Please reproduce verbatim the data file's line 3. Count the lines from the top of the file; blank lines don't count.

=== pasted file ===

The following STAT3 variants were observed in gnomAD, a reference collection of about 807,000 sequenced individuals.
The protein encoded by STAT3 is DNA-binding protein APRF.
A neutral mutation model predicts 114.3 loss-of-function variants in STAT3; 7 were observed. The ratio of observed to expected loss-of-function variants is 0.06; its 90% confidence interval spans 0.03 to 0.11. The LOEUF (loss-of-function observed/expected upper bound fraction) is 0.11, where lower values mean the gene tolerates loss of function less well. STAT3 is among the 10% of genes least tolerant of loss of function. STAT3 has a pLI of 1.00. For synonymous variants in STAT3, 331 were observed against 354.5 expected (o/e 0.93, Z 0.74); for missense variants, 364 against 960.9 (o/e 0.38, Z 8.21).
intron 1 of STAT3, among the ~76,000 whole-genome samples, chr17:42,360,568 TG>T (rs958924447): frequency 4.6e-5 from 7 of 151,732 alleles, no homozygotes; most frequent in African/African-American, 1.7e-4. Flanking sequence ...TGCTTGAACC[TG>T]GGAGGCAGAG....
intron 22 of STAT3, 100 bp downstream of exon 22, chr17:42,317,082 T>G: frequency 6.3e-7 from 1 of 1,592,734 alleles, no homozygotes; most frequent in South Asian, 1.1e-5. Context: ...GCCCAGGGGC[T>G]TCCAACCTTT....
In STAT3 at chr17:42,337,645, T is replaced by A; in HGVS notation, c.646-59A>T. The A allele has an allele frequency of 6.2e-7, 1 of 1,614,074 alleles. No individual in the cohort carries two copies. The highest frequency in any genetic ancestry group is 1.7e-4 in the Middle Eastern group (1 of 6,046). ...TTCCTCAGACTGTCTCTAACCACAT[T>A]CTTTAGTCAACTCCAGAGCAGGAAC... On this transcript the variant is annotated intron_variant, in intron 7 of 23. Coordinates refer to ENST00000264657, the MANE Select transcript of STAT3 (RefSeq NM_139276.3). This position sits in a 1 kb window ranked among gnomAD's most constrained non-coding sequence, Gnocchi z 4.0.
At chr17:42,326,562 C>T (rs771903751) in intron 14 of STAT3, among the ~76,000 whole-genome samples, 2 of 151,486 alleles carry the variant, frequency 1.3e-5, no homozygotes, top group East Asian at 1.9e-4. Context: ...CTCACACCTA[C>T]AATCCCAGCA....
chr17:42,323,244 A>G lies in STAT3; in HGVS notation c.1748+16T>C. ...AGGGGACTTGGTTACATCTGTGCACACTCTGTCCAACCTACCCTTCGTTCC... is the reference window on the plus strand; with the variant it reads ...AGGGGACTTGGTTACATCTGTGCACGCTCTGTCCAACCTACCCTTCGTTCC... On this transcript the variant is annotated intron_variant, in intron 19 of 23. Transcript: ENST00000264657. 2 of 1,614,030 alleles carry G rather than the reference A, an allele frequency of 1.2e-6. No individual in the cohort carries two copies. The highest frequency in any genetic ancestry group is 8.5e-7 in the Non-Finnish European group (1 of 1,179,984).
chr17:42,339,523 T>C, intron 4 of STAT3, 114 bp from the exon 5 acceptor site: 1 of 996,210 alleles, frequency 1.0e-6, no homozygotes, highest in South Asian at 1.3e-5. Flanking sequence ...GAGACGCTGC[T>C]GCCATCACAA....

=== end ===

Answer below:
A neutral mutation model predicts 114.3 loss-of-function variants in STAT3; 7 were observed. The ratio of observed to expected loss-of-function variants is 0.06; its 90% confidence interval spans 0.03 to 0.11. The LOEUF (loss-of-function observed/expected upper bound fraction) is 0.11, where lower values mean the gene tolerates loss of function less well. STAT3 is among the 10% of genes least tolerant of loss of function. STAT3 has a pLI of 1.00. For synonymous variants in STAT3, 331 were observed against 354.5 expected (o/e 0.93, Z 0.74); for missense variants, 364 against 960.9 (o/e 0.38, Z 8.21).